Rep. Keating: DHS H-2B Interpretation is False

Tangles with Secretary of Homeland Security in House hearing...
Congressman William Keating

Washington, DC – This morning, Congressman Bill Keating attended a full hearing of the Committee on Homeland Security with testimony from Secretary John Kelly on the Department of Homeland Security Reauthorization and FY2018 Budget Proposal. 

During an exchange with Congressman Keating, who asked about the stalled H-2B program, Secretary Kelly took the opposite interpretation of the very language and intent of the H-2B provision included in the FY 2017 spending bill signed into law in May.

The May 2017 spending bill included a provision that explicitly gives the Secretary of Homeland Security authority to increase the number of H-2B visas from 66,000 up to approximately 129,000.  

When asked by Congressman Keating about lifting the 66,000 cap for returning workers, Secretary Kelly responded that his interpretation of the H-2B provision was that the cap wasn’t to be raised: “What I took from that was the sense of the Congress was not to expand it, because if it was that important, the Congress would have authorized 129,000.”

‘The H-2B provision in the spending bill was clear,” said Congressman Keating. “It is concerning that Secretary Kelly and the Department could interpret it to mean that Congress did not want to increase the number of  H-2B workers when the provision specifically gave him the authority to do just that. This is not a trivial issue, this is a matter of many seasonal, small businesses being able to open in time for their high season. The revenues made now are what keep these businesses afloat.”

Congressman Keating has seen first-hand the benefits of exempting returning workers from the H-2B visa cap.  Congress has exempted returning workers in four out of the last eleven years. The 129,000 figure represents the highest number of visas issued during the four years in which returning workers were exempt from the cap.

As Massachusetts businesses are all too familiar, the visa cap was hit in March of this year – leaving employers without staff and causing businesses to open short-handed, if at all.

A transcript of this morning’s exchange can be found below:

Rep. Keating: …In the omnibus legislative budget, you were given personal discretion over H-2B visas and this is a program, as most of us know, is really related to small businesses.  Every day in my district, and other districts around the country, the delay in filling those needed positions is just costing us revenues that could be helpful in fulfilling some of the things that are being cut right now.  In our area, there will be local workers that will not have jobs because – particularly people in the hospitality area – they are not opening at all during weeks because unless you’re a compliment, you just can’t do it.  I have had conferences with legal staff, and with your office and the acting secretary in that regard that is dealing with that, Acting Director McCament. He and I discussed using the returning worker cap just being removed.  Now this is nothing new, this is something that four of the last eleven years has been utilized to have those people there.  It eliminates some of the interviews. These people hit the ground running.  And it’s important right now in our country that we are not hurting our economy for something that can be easily done administratively.  So, I want to emphasize and ask you, when do you think you’d be able to start that process. Its overdue and every day is costing us money in this country.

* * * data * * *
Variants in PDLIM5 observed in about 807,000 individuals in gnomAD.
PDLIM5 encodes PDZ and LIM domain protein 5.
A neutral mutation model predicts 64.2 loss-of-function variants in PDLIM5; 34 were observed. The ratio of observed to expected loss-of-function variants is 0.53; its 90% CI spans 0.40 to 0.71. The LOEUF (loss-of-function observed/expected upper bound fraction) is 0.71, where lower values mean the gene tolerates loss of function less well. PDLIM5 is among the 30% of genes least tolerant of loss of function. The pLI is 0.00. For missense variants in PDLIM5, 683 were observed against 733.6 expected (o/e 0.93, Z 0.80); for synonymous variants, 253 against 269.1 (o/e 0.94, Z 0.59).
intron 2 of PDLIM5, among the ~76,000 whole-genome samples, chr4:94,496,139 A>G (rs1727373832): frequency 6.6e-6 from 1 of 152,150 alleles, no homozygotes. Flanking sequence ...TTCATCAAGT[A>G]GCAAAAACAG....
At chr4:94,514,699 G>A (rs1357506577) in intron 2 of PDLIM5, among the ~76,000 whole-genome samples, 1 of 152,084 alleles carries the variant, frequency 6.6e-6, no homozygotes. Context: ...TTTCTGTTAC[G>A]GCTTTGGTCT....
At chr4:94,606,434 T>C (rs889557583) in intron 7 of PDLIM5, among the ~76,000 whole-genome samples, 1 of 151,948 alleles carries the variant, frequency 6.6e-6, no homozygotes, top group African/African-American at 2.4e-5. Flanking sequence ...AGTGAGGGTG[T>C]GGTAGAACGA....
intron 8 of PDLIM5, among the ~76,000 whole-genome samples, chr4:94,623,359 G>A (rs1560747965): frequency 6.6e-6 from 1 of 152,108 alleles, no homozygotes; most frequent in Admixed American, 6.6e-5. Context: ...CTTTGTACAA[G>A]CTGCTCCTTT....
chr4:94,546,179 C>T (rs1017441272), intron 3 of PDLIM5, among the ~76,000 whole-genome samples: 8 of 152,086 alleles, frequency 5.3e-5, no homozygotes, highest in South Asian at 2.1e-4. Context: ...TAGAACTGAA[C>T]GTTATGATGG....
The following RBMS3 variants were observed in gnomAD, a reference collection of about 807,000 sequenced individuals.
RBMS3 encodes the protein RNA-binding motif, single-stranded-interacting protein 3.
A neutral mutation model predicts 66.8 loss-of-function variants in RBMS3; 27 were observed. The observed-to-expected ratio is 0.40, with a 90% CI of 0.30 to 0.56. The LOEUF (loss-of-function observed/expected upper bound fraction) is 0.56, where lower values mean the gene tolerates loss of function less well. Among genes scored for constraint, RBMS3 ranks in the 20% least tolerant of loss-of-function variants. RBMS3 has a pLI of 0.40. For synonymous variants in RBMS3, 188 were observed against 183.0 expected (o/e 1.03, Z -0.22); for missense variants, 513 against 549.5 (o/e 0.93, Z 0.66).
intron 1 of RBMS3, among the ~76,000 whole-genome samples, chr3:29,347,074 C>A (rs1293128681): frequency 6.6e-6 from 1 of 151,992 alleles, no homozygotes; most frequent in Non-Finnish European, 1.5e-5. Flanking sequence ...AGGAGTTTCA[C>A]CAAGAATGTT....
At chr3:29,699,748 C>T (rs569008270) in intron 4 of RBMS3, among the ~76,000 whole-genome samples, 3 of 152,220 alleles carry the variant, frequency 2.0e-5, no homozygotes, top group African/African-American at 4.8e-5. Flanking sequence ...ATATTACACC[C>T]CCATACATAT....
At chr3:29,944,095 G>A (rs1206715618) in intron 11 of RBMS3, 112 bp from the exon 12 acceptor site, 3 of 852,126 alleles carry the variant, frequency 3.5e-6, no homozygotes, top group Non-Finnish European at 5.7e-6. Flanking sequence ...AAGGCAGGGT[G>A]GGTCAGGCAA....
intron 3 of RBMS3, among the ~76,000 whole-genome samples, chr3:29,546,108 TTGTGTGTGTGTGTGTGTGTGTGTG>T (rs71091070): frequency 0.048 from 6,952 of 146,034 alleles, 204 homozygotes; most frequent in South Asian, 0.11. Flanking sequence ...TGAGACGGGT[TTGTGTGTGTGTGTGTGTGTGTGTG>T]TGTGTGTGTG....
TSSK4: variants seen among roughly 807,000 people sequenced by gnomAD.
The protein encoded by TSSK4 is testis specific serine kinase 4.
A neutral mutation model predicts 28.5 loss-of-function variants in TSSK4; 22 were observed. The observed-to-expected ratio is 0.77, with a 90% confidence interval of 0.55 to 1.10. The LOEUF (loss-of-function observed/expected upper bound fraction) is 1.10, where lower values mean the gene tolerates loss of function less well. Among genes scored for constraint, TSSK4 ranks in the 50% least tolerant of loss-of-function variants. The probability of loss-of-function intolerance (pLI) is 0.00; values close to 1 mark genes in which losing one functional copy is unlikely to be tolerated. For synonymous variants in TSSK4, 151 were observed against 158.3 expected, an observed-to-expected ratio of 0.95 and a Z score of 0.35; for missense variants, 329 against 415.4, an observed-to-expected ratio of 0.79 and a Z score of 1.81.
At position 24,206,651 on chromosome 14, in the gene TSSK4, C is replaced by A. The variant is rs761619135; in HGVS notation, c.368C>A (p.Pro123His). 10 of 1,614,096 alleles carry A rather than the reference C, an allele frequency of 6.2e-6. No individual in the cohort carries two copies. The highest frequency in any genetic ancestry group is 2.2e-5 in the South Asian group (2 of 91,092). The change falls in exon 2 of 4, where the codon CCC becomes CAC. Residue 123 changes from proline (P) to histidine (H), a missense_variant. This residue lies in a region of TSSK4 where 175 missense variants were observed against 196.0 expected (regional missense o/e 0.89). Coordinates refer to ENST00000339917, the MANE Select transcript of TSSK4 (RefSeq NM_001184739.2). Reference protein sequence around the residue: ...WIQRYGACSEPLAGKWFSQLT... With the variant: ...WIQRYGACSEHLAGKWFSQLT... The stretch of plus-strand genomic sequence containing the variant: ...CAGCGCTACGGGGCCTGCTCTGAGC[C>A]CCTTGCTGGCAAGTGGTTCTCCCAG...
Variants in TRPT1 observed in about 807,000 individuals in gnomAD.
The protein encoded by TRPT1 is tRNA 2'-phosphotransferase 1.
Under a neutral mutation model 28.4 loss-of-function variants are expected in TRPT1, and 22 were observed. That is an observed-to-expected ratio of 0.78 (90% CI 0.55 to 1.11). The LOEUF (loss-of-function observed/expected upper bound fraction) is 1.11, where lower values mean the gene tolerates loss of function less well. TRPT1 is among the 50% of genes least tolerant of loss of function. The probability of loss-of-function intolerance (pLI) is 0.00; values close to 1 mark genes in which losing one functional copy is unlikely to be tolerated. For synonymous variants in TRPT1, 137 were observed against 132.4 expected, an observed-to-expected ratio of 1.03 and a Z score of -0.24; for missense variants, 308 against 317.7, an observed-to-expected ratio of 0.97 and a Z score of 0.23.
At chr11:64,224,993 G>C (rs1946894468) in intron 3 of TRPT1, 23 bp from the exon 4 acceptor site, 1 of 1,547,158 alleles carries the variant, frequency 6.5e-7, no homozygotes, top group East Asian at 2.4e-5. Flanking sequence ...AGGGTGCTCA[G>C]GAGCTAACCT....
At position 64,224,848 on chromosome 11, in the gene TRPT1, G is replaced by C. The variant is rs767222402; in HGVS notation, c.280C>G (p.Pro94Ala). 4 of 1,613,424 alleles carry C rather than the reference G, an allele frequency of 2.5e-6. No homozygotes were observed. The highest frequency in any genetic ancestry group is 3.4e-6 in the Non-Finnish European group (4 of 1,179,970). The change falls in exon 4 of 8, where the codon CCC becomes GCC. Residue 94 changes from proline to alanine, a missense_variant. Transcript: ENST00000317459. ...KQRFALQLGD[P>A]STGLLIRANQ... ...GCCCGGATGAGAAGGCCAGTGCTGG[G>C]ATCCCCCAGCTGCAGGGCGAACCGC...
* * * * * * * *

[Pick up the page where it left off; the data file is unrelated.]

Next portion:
Secretary Kelly: First of all Congressman, this is kind of a new topic for me.  I would…when I originally saw it, 66,000 I think is what was authorized and then I think I have…

Rep. Keating: Discretion to 129,000.

Secretary Kelly: …129,000. What I took from that was the sense of the Congress was not to expand it, because if it was that important, the Congress would have authorized 129,000.  With that said, we are working with Labor, I have just as many- very large number of members of Congress saying don’t expand it because it means American jobs, the unions, and all the rest of it. I’m open…

Rep. Keating: If I could interrupt.

Secretary Kelly: Sure.

Rep. Keating: Mr. Secretary, there’s a huge bipartisan support for this, and may I respectfully say there’s no US jobs lost in this respect. These are jobs that frankly can’t be filled.  And I can tell you, as you’re familiar with your own personal experience around the Boston area, the wages are well paid for in that area, it’s not a question of not meeting – in fact, in my area they exceed the average wages for those jobs. So, I’m glad you mentioned that. There’s no security interest. These are returning workers, some of them have been coming back and forth for twenty years. Those of us on the committee are well aware that certain visas, where people overstay those visas and that’s a matter of concern for you and for all of us. However, these people go back.  They want to go back. And they have a history of going back. And coming forward, as I said, some of them for decades working in the same company, the same businesses.  So this is something I’m glad with your feedback because I hope I can alleviate that concern and get this moving as quickly as possible. welcomes thoughtful comments and the varied opinions of our readers. We are in no way obligated to post or allow comments that our moderators deem inappropriate. We reserve the right to delete comments we perceive as profane, vulgar, threatening, offensive, racially-biased, homophobic, slanderous, hateful or just plain rude. Commenters may not attack or insult other commenters, readers or writers. Commenters who persist in posting inappropriate comments will be banned from commenting on